With a wave, he called his men to a halt. They complied almost as one, a few shuffling quickly back to their proper places to ensure every line was perfectly straight. Their captain surveyed them with pride. In full uniform, it was almost impossible to tell the men apart; their only distinguishing features the individual dints in their armor. Each man wore a long, faded red tunic and dark grey wool leggings. Over top the drab clothing they wore their armor, steel breast plates and shoulder guards, dulled from years of wear. At their waists were identical leather belts, and on every man’s left hip rested his sword, sharpened and eager for battle. On every head rested a steel helmet with shaped flaps to protect the cheeks and the backs of their necks. Threver wore a similar uniform. Its only distinguishing features were the blood red cape that nearly brushed the grass at his feet and the crest etched into his breast plate to signify his rank.

The captain wasted no time. He delivered the sad news swiftly, moving on to his orders before the men had time to linger on the regretful loss of Shynis. They would see the devastation for themselves soon enough.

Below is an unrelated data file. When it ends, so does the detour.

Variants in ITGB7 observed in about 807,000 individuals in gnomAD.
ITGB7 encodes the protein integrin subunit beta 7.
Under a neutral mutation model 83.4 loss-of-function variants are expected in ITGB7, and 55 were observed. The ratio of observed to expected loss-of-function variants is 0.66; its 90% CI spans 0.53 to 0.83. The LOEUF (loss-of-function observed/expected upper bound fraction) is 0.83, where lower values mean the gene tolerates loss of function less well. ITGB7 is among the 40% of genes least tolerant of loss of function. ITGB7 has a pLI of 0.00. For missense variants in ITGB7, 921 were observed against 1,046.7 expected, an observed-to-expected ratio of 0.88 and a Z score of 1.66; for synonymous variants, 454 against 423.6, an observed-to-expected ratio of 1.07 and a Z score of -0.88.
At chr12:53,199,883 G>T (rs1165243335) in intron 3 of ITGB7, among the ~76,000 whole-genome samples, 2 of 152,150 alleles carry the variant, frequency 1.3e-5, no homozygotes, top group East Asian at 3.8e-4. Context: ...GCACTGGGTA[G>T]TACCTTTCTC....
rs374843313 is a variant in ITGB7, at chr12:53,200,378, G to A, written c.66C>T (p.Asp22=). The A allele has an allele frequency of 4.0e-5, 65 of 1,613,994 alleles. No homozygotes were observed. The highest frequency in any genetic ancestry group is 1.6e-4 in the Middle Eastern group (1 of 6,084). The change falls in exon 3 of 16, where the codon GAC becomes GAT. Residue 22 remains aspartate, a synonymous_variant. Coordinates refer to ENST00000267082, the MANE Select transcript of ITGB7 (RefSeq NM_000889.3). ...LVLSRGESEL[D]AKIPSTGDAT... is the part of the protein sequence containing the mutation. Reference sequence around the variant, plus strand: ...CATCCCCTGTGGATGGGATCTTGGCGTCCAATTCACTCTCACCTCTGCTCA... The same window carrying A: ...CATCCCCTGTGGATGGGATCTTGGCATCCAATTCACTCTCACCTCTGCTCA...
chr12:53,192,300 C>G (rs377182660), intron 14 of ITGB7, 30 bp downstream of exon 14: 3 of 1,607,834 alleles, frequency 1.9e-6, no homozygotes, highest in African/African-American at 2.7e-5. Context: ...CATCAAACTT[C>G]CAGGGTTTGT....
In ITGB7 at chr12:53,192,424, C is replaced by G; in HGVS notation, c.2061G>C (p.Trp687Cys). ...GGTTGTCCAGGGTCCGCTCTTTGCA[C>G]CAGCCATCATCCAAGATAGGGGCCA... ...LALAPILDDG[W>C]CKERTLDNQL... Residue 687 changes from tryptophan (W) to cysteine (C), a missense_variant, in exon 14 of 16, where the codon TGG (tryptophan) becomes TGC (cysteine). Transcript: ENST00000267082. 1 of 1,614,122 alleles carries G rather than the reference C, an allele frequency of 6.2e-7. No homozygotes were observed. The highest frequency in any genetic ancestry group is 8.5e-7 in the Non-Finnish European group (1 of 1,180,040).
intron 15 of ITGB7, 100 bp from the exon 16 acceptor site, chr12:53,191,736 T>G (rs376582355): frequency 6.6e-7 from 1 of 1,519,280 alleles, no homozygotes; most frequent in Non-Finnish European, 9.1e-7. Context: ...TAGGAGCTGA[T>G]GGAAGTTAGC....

“We must go down to the city!” he declared. “We must discover any enemy soldiers who remain in the city’s ruins. If possible, we must determine their next destination, so that we may arrive before another such tragedy occurs!”

It didn’t take long to get his men moving again. They made their way down the other side of the hill and spread out among the ruined streets, weaving through the city blocks and around piles of rubble that lay in their path. They went in groups of three or four, trying to cover the vast area as quickly as possible. If any barbarians still lurked within the city ruins, they would have to be swift in sniffing them out, before they slid into the forests beyond and made good their escape.